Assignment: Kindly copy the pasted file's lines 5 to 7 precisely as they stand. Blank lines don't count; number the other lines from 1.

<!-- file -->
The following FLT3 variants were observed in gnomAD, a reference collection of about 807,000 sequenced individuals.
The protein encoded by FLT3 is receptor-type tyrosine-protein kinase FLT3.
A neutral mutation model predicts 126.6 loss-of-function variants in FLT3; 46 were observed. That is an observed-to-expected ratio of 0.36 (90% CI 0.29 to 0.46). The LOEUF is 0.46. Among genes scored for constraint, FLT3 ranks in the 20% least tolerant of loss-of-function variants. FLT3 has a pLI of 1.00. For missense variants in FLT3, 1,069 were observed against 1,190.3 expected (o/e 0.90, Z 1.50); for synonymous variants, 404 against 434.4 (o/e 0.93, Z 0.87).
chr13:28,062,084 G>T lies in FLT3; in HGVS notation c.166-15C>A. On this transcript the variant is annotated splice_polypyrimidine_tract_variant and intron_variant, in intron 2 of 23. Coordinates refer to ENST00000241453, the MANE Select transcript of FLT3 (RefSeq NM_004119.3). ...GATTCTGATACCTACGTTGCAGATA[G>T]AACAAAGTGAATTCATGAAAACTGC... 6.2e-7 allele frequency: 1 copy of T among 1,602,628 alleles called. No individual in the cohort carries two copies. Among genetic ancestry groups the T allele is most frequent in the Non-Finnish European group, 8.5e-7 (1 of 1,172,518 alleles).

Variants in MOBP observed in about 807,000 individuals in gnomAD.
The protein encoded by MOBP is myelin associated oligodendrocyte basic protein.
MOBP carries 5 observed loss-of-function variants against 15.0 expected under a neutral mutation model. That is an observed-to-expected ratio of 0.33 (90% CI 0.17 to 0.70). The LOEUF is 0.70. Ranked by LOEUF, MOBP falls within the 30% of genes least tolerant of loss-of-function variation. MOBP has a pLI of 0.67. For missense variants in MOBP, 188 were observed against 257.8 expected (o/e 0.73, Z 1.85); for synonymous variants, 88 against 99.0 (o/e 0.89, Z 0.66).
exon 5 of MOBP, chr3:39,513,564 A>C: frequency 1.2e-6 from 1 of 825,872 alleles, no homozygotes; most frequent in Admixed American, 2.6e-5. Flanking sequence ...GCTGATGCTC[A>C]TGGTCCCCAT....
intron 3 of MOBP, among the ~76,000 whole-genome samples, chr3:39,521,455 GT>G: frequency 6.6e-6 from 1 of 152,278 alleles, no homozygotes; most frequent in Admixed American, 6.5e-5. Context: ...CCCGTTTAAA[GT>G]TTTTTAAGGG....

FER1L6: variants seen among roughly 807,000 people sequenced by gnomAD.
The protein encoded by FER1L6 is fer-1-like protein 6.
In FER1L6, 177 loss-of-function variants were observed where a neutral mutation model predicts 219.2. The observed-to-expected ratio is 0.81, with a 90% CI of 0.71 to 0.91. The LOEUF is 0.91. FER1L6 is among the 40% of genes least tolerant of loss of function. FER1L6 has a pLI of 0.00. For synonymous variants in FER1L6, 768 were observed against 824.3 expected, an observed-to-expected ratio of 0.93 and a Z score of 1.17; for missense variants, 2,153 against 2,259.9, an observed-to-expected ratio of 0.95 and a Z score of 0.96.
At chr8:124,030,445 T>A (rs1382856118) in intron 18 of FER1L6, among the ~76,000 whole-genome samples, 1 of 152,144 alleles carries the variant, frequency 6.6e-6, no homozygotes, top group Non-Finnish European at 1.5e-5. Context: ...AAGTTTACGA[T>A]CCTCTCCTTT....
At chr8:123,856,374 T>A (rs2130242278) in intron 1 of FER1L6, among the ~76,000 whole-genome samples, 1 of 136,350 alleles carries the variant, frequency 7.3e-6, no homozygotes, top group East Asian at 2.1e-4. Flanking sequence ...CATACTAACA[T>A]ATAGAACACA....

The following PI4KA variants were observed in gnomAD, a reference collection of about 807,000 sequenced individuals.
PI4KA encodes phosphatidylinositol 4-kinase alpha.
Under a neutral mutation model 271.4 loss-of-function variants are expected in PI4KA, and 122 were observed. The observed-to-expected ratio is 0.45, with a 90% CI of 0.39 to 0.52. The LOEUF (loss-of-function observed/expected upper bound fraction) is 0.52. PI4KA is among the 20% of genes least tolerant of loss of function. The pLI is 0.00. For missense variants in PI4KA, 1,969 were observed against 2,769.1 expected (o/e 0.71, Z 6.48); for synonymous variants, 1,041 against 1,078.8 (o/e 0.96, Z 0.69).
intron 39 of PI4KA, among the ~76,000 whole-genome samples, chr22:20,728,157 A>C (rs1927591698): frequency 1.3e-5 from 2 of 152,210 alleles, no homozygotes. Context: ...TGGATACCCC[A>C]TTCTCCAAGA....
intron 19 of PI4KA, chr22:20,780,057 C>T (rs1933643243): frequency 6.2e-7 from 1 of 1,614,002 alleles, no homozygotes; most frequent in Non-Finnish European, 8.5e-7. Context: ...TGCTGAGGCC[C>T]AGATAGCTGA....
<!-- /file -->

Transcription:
Variants in MOBP observed in about 807,000 individuals in gnomAD.
The protein encoded by MOBP is myelin associated oligodendrocyte basic protein.
MOBP carries 5 observed loss-of-function variants against 15.0 expected under a neutral mutation model. That is an observed-to-expected ratio of 0.33 (90% CI 0.17 to 0.70). The LOEUF is 0.70. Ranked by LOEUF, MOBP falls within the 30% of genes least tolerant of loss-of-function variation. MOBP has a pLI of 0.67. For missense variants in MOBP, 188 were observed against 257.8 expected (o/e 0.73, Z 1.85); for synonymous variants, 88 against 99.0 (o/e 0.89, Z 0.66).